LONDON (Reuters Breakingviews) - Jakob Stausholm will have to pick up a travel guide to Ulaanbaatar. Rio Tinto’s new chief executive has a challenging to-do list and atop it sits the miner’s troubled $10 billion Oyu Tolgoi copper and gold project, located 700 kilometres from the Mongolian capital. Trying to satisfy all the interested parties at once is probably a fool’s errand.
It’s surprising the whole sticky mess, along with the high tensions between Australia and China and Rio’s frayed relations with indigenous peoples, didn’t dissuade Stausholm from taking the job. Turquoise Hill Resources, the Canadian-listed company that owns two-thirds of Oyu Tolgoi, lost a fifth of its market value on Jan. 11 after suggestions that the Mongolian government might not continue with the project. Shares of Turquoise, in which Rio holds a 51% stake, have tumbled by two-thirds since 2016.
Oyu Tolgoi should be a real asset. It is expected to churn out 500,000 tonnes of copper annually later this decade. That would make it the world’s fourth biggest producer. And prices for the red metal have soared 70% since March and should stay high as demand for electricity, and therefore copper wiring, soars.
The project, however, is hamstrung by a rickety corporate structure and a major funding problem. Big digs typically involve private-sector entities owning the equity, with generous annual royalties paid to the host state’s exchequer. Aside from Rio, Oyu Tolgoi has three main stakeholders: the state, the non-Mongolian minority shareholders who own 49% of Turquoise, and Odey Asset Management, a pushy British hedge fund that is a Rio investor and has a short position in Turquoise. Ulaanbaatar holds 34% of Oyu Tolgoi LLC, and Turquoise owns the rest.
The main headache is that Mongolia, with a GDP of just $14 billion and limited cash, has long funded its portion of the project’s capital investment with loans from Turquoise. It represents a big chunk of the $7 billion advanced to Oyu Tolgoi over the last decade, according to company disclosures, at an annual interest rate of 6.5 percentage points above the London Interbank Offered Rate. It also borrowed another $1.3 billion from Turquoise to finance its Oyu Tolgoi share purchases. This all must be repaid before Mongolia can receive dividends. Even if the project had been on time and budget, Ulaanbaatar would have faced a long wait.
As it is, the project costs recently jumped sharply to $6.75 billion, so any payouts could take decades. Unsurprisingly, that’s causing a political stink in Mongolia. Meanwhile, Turquoise faces a funding gap of at least $3 billion between the point in 2022 when its remaining $1.3 billion of cash runs out, and the date a few years later when Oyu Tolgoi’s main underground phase starts throwing off cash.
EQUITY OR DEBT?
Stausholm can choose between an incremental solution and a radical one. The former, favoured by some Turquoise minority shareholders, would deploy various measures to plug the funding gap. Extending the maturity on about a third of the $4.4 billion in financing Oyu Tolgoi obtained from international lenders in 2015 would reduce servicing costs. Issuing other debt, pre-selling some of the mine’s metal, and higher copper price assumptions would do the rest.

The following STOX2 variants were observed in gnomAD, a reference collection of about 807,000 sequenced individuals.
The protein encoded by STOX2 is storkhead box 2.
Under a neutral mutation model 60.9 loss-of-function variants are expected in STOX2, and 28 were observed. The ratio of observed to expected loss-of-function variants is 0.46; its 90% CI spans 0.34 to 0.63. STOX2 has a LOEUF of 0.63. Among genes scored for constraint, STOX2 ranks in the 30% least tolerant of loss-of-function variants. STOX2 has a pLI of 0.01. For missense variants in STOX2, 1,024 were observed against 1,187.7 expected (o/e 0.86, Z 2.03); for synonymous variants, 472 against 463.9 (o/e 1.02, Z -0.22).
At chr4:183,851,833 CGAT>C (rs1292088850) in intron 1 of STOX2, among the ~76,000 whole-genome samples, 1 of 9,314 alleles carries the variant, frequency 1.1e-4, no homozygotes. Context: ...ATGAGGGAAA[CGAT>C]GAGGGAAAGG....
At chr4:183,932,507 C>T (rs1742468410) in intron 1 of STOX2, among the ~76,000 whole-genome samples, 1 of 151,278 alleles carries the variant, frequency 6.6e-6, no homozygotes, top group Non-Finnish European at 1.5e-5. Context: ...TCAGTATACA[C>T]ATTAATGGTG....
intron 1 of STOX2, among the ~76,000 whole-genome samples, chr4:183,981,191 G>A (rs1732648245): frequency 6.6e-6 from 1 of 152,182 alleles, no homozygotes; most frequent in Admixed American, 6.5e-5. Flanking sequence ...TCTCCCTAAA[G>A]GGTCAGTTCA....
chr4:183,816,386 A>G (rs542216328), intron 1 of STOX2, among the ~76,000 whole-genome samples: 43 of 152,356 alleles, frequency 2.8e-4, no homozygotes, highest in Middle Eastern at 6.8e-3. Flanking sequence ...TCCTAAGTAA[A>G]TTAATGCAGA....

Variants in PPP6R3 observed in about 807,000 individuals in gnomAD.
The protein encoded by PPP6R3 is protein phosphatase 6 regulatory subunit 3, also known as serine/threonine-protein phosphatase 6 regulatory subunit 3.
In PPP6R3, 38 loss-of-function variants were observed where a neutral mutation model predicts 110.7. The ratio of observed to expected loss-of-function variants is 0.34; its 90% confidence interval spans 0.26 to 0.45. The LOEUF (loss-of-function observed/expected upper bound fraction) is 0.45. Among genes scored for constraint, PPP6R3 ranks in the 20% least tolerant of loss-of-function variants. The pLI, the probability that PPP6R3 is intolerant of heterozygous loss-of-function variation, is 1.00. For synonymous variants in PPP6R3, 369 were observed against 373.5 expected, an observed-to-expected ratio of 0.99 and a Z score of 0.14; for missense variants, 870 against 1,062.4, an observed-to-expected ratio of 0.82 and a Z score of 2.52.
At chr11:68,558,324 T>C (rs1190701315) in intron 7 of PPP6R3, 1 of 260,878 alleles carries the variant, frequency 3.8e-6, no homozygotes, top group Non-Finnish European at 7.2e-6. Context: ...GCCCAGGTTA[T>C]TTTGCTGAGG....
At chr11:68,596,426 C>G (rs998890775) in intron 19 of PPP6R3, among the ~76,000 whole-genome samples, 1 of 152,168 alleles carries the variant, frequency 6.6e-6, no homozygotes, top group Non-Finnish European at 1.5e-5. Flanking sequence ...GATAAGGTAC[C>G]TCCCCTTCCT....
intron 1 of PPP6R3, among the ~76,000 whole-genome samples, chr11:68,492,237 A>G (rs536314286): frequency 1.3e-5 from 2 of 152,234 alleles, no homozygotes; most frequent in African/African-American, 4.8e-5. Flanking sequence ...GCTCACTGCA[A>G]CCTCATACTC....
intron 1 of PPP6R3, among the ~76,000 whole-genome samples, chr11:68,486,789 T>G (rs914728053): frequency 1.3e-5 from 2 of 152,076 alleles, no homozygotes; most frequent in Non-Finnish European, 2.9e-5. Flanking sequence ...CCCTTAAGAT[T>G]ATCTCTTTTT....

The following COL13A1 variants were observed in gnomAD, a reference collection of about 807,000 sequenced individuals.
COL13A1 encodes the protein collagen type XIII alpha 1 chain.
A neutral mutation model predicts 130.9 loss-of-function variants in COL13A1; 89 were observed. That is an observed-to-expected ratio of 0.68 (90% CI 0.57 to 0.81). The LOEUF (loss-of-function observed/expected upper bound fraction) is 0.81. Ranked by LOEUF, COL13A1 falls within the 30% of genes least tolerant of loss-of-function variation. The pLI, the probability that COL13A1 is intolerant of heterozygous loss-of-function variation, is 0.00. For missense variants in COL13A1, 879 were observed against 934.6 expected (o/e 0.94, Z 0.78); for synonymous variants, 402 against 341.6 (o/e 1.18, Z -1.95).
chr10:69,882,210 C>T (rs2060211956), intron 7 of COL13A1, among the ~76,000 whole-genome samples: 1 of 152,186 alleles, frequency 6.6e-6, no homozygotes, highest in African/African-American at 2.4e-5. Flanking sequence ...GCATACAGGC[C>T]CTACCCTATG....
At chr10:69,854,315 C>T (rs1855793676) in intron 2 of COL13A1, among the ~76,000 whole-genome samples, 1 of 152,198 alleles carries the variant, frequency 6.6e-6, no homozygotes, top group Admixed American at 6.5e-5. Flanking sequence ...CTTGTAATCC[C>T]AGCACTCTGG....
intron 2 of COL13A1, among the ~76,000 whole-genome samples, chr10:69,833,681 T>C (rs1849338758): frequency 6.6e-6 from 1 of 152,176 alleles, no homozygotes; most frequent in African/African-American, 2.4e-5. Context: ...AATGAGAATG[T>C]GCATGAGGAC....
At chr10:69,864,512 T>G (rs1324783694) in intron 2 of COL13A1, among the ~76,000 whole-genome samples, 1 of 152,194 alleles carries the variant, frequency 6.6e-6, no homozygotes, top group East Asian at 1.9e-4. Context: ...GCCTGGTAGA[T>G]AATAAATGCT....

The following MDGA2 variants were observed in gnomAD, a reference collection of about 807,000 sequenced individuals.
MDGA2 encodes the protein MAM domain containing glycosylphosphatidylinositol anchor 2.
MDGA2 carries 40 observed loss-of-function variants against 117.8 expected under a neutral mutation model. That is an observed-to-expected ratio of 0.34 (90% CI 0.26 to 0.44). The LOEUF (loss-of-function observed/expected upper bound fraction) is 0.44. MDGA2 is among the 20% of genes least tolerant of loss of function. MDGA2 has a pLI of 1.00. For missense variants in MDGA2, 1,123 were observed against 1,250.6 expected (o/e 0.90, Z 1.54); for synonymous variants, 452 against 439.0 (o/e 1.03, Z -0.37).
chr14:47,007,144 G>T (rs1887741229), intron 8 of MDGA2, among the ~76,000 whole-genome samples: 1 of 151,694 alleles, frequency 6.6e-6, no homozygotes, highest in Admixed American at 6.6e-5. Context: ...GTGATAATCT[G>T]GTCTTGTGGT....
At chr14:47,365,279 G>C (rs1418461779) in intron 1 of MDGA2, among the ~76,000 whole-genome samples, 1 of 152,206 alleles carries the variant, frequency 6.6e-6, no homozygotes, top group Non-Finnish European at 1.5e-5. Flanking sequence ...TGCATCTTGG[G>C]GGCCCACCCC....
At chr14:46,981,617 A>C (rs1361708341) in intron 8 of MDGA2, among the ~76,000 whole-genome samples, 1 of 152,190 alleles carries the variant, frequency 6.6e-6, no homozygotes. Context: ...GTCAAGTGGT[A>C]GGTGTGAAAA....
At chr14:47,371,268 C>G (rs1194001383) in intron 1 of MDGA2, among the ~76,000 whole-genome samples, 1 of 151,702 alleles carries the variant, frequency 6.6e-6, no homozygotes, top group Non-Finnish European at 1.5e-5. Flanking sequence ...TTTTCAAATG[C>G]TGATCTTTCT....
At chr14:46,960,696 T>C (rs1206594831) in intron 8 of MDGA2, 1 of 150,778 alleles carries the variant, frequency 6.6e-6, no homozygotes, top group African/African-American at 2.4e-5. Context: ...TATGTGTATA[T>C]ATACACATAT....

Odey prefers a bolder approach. Rather than increase Turquoise’s debt, it thinks Rio should push for a big rights issue. That makes sense insofar as the $3 billion funding gap might actually increase if Turquoise ends up having to pay for a power station to provide the mine’s energy, which is currently provided by China. But given that Turquoise’s market capitalisation is less than $2.5 billion, any investors that didn’t take part in the equity raise would be heavily diluted.
Stausholm won’t be eager to antagonise Turquoise’s minority shareholders, nor put still more of his company’s money into an Oyu Tolgoi-related capital call. With minimal net debt, however, Rio is in a position to push for the most sustainable long-term solution. His company already guarantees the $4.4 billion project finance facility and consolidates the $8.3 billion of loans. An equity hike would leave Rio with more of the project’s cash flows without increasing the debt it underwrites.
Rio’s boss also needs to tread carefully around Ulaanbaatar. Mongolia’s nuclear option would be to dismiss the $140 billion miner from the project and bring in one of its rivals instead. Tearing up such a high-profile contract might hurt foreign investment flows into the country, but Oyu Tolgoi’s significance could make it worth the risk. In addition to solving the funding gap, the host country wants more cash from the mine it feels it owns.
Stausholm’s least-bad strategy therefore probably has two strands. First, Rio should back an equity hike to plug the funding gap. If Turquoise’s minority shareholders are optimistic about Oyu Tolgoi, they should be ready to support a rights issue.
Second, Stausholm should rework the loan structure to appease Mongolia. One option is to put 75% of the cash that Oyu Tolgoi generates toward reducing debt and use the rest for payouts to Ulaanbaatar. It might even take a 50-50 split to ease relations between miner and state. Under this approach, along with having to answer to angry Turquoise owners, Rio might take a financial hit. But it is likely to do so in almost any solution.
There’s no way for Stausholm to make everyone happy. As the new broom, he at least has a freer hand compared to his predecessor Jean-Sebastien Jacques, who was so closely associated with the project. He may as well use it.
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